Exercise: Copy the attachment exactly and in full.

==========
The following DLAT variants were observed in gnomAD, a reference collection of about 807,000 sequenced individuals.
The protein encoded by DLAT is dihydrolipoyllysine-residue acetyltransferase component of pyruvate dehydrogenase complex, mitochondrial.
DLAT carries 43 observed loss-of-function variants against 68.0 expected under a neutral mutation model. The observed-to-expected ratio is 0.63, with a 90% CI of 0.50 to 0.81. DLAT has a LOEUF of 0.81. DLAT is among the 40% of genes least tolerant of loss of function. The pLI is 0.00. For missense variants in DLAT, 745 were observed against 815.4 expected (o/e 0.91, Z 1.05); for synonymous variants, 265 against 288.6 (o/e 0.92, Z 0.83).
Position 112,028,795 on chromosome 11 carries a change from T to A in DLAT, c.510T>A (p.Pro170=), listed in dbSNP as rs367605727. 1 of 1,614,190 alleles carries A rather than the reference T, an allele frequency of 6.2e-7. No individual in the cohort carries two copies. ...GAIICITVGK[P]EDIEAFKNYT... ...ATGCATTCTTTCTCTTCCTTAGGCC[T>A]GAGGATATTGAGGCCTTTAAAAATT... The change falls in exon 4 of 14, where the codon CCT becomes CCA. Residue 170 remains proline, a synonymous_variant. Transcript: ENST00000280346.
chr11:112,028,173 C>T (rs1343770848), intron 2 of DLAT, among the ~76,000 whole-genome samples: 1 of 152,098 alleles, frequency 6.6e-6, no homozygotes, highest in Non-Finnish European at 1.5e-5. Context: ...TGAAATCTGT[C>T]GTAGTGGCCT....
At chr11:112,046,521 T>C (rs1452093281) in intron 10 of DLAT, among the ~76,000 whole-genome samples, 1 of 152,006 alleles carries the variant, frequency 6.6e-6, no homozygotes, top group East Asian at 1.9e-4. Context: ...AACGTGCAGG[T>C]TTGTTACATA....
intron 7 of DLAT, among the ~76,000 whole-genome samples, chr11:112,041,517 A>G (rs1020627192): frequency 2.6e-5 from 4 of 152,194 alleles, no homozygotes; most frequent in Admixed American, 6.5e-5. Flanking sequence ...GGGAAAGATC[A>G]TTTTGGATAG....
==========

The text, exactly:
The following DLAT variants were observed in gnomAD, a reference collection of about 807,000 sequenced individuals.
The protein encoded by DLAT is dihydrolipoyllysine-residue acetyltransferase component of pyruvate dehydrogenase complex, mitochondrial.
DLAT carries 43 observed loss-of-function variants against 68.0 expected under a neutral mutation model. The observed-to-expected ratio is 0.63, with a 90% CI of 0.50 to 0.81. DLAT has a LOEUF of 0.81. DLAT is among the 40% of genes least tolerant of loss of function. The pLI is 0.00. For missense variants in DLAT, 745 were observed against 815.4 expected (o/e 0.91, Z 1.05); for synonymous variants, 265 against 288.6 (o/e 0.92, Z 0.83).
Position 112,028,795 on chromosome 11 carries a change from T to A in DLAT, c.510T>A (p.Pro170=), listed in dbSNP as rs367605727. 1 of 1,614,190 alleles carries A rather than the reference T, an allele frequency of 6.2e-7. No individual in the cohort carries two copies. ...GAIICITVGK[P]EDIEAFKNYT... ...ATGCATTCTTTCTCTTCCTTAGGCC[T>A]GAGGATATTGAGGCCTTTAAAAATT... The change falls in exon 4 of 14, where the codon CCT becomes CCA. Residue 170 remains proline, a synonymous_variant. Transcript: ENST00000280346.
chr11:112,028,173 C>T (rs1343770848), intron 2 of DLAT, among the ~76,000 whole-genome samples: 1 of 152,098 alleles, frequency 6.6e-6, no homozygotes, highest in Non-Finnish European at 1.5e-5. Context: ...TGAAATCTGT[C>T]GTAGTGGCCT....
At chr11:112,046,521 T>C (rs1452093281) in intron 10 of DLAT, among the ~76,000 whole-genome samples, 1 of 152,006 alleles carries the variant, frequency 6.6e-6, no homozygotes, top group East Asian at 1.9e-4. Context: ...AACGTGCAGG[T>C]TTGTTACATA....
intron 7 of DLAT, among the ~76,000 whole-genome samples, chr11:112,041,517 A>G (rs1020627192): frequency 2.6e-5 from 4 of 152,194 alleles, no homozygotes; most frequent in Admixed American, 6.5e-5. Flanking sequence ...GGGAAAGATC[A>G]TTTTGGATAG....